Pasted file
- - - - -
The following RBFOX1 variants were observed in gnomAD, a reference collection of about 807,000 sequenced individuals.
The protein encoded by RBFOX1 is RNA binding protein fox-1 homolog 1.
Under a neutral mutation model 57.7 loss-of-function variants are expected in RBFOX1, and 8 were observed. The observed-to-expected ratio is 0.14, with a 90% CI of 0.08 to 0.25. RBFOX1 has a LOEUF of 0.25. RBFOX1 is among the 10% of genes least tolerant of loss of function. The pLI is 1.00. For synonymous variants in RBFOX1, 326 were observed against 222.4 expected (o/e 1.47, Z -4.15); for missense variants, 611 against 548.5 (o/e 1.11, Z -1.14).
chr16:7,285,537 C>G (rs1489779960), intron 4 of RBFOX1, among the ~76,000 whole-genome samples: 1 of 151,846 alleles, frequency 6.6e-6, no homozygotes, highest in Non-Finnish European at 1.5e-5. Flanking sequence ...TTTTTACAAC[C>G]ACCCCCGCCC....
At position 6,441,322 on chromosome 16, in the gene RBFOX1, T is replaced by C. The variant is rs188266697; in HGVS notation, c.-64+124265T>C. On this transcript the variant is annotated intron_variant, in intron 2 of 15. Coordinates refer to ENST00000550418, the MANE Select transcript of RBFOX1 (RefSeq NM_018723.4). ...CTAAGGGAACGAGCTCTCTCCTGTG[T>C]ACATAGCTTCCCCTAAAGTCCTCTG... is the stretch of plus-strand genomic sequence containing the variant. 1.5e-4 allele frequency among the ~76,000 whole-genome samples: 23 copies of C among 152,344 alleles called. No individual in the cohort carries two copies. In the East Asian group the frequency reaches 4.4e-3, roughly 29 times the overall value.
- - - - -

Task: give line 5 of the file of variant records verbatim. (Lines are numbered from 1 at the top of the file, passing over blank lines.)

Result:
At position 6,441,322 on chromosome 16, in the gene RBFOX1, T is replaced by C. The variant is rs188266697; in HGVS notation, c.-64+124265T>C. On this transcript the variant is annotated intron_variant, in intron 2 of 15. Coordinates refer to ENST00000550418, the MANE Select transcript of RBFOX1 (RefSeq NM_018723.4). ...CTAAGGGAACGAGCTCTCTCCTGTG[T>C]ACATAGCTTCCCCTAAAGTCCTCTG... is the stretch of plus-strand genomic sequence containing the variant. 1.5e-4 allele frequency among the ~76,000 whole-genome samples: 23 copies of C among 152,344 alleles called. No individual in the cohort carries two copies. In the East Asian group the frequency reaches 4.4e-3, roughly 29 times the overall value.